I was thinking about presenting some of this information to younger students. The scientific criteria for classification is rather detailed.
It seems to me that younger students could benefit from simply sorting spiders into groups according to whether how/if they use webs to catch their prey .
It seems some spiders are more passive (or patient) in that they lay a web and wait for their meal to come to them. Others like the jumping spiders and wolf spiders seem to have more of a hunting instinct.
Presumably spider webs are designed to catch the most suitable prey in the most efficient manner for a given type of spider. But I wonder about the evolution of spider webs. Is it more efficient to go and look for prey, (even though this probably requires a greater energy expenditure requiring more food)
I wonder if someone would comment on the article in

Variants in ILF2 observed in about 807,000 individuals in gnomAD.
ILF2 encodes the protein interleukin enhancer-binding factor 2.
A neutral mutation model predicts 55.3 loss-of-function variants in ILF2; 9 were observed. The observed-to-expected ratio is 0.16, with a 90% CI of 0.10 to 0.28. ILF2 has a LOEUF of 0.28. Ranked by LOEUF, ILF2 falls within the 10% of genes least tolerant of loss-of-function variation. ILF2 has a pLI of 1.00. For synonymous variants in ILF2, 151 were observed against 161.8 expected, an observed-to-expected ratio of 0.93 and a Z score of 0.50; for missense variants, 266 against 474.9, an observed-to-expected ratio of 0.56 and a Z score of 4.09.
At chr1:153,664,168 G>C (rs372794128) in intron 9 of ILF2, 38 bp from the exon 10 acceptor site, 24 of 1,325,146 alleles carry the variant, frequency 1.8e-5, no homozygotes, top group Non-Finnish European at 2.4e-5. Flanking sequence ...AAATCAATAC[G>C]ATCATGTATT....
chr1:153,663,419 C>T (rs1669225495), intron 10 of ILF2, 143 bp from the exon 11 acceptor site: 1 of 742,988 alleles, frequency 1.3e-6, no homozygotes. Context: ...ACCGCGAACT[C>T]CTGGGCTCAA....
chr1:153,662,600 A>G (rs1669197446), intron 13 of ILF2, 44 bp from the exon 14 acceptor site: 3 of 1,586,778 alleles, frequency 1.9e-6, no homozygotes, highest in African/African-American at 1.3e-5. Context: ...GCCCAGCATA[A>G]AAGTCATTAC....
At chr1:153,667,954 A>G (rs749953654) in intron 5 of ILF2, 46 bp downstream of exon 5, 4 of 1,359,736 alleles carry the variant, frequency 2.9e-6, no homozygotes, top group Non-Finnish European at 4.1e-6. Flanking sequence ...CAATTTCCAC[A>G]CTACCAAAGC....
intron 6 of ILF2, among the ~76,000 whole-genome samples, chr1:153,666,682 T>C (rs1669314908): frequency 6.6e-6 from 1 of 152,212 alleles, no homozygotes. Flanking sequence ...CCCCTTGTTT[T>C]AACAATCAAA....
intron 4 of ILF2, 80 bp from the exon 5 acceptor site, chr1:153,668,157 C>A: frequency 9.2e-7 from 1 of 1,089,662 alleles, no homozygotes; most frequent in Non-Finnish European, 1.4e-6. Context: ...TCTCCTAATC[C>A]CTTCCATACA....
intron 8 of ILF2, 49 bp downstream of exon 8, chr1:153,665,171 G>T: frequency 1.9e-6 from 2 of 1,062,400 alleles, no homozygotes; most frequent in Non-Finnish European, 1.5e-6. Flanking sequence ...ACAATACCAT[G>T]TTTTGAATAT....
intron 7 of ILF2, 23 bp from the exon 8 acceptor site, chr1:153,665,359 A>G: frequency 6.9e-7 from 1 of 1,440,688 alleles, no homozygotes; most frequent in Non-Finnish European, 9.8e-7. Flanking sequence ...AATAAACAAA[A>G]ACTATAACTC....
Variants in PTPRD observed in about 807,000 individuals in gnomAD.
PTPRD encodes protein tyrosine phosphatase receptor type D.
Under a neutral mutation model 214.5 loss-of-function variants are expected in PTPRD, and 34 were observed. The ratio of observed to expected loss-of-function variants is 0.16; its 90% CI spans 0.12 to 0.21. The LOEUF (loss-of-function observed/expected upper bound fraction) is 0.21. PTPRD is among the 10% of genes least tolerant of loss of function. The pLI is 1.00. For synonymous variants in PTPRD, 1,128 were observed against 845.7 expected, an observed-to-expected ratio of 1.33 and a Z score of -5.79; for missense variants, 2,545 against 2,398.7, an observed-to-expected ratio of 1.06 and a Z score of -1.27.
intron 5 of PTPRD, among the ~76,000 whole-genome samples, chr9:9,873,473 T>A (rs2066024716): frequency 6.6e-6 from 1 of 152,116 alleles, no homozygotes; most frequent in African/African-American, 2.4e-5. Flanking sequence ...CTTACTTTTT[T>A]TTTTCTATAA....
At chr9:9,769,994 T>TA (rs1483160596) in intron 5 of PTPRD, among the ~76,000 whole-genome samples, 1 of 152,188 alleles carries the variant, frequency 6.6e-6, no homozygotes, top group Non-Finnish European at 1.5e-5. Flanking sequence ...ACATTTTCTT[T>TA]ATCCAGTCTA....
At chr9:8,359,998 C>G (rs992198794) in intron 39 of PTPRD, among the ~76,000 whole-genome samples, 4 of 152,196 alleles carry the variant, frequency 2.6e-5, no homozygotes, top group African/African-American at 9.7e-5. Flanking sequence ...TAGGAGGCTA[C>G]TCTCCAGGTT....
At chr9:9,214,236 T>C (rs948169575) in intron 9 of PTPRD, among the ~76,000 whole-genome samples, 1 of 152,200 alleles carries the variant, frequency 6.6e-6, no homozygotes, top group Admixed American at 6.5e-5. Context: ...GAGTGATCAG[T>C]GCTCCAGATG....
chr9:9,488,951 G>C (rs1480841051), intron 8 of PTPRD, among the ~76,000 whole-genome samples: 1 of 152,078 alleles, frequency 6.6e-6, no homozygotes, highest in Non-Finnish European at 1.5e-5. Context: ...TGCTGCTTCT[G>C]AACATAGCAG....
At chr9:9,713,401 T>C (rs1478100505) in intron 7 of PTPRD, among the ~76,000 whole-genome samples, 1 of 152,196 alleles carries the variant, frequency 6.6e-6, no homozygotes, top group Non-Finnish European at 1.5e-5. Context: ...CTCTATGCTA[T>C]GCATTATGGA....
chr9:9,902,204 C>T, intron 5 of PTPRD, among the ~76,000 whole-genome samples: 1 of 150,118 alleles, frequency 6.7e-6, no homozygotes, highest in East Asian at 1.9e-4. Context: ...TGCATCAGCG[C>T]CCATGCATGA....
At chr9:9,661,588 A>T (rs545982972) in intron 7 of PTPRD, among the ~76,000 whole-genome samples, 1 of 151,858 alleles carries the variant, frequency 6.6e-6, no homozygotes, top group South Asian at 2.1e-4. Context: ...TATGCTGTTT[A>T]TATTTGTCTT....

which discusses the differences between 2 dimensional and 3 dimensional webs as a protective device for spiders.
Scientist Martin 7 Jul 1:25 PM
Hey Tammy: You raise some interesting questions. What evidence would you or your students accept to support the contention of which strategy; sit and wait or go looking, might be selected for?
Classifying spiders by their ecological characters might be useful for an ecologist studying feeding guilds, but can you see it does contain any information about the history of the spider taxa that construct specific web types.
Thanks for the article link. We know that the orb web evolved at least by the Jurassic (from morphological fossils not the presence of silk) and that some 3D webs evolved in spider groups that at one time also spun orb webs (2D). I find the evidence somewhat plausible, but unfortunately sphecid wasps prey on a large variety of spiders, some that make no web at all. All of which leads to the understanding that evolution really does occur in strange ways!